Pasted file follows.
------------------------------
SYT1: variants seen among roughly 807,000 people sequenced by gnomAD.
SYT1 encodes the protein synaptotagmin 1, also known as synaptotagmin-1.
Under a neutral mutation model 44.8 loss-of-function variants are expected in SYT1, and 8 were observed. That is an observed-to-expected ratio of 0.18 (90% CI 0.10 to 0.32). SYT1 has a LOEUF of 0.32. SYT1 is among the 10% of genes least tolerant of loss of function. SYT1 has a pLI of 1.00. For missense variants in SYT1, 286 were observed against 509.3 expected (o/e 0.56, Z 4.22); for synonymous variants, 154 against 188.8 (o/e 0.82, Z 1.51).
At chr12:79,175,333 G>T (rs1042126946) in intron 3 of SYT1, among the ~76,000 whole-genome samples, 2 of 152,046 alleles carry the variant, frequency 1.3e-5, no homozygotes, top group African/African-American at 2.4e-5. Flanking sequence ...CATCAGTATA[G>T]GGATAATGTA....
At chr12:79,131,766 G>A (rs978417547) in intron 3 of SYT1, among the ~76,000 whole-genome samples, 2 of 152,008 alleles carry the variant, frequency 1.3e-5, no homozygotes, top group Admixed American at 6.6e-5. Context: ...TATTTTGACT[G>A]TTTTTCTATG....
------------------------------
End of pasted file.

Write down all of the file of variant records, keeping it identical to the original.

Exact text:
SYT1: variants seen among roughly 807,000 people sequenced by gnomAD.
SYT1 encodes the protein synaptotagmin 1, also known as synaptotagmin-1.
Under a neutral mutation model 44.8 loss-of-function variants are expected in SYT1, and 8 were observed. That is an observed-to-expected ratio of 0.18 (90% CI 0.10 to 0.32). SYT1 has a LOEUF of 0.32. SYT1 is among the 10% of genes least tolerant of loss of function. SYT1 has a pLI of 1.00. For missense variants in SYT1, 286 were observed against 509.3 expected (o/e 0.56, Z 4.22); for synonymous variants, 154 against 188.8 (o/e 0.82, Z 1.51).
At chr12:79,175,333 G>T (rs1042126946) in intron 3 of SYT1, among the ~76,000 whole-genome samples, 2 of 152,046 alleles carry the variant, frequency 1.3e-5, no homozygotes, top group African/African-American at 2.4e-5. Flanking sequence ...CATCAGTATA[G>T]GGATAATGTA....
At chr12:79,131,766 G>A (rs978417547) in intron 3 of SYT1, among the ~76,000 whole-genome samples, 2 of 152,008 alleles carry the variant, frequency 1.3e-5, no homozygotes, top group Admixed American at 6.6e-5. Context: ...TATTTTGACT[G>A]TTTTTCTATG....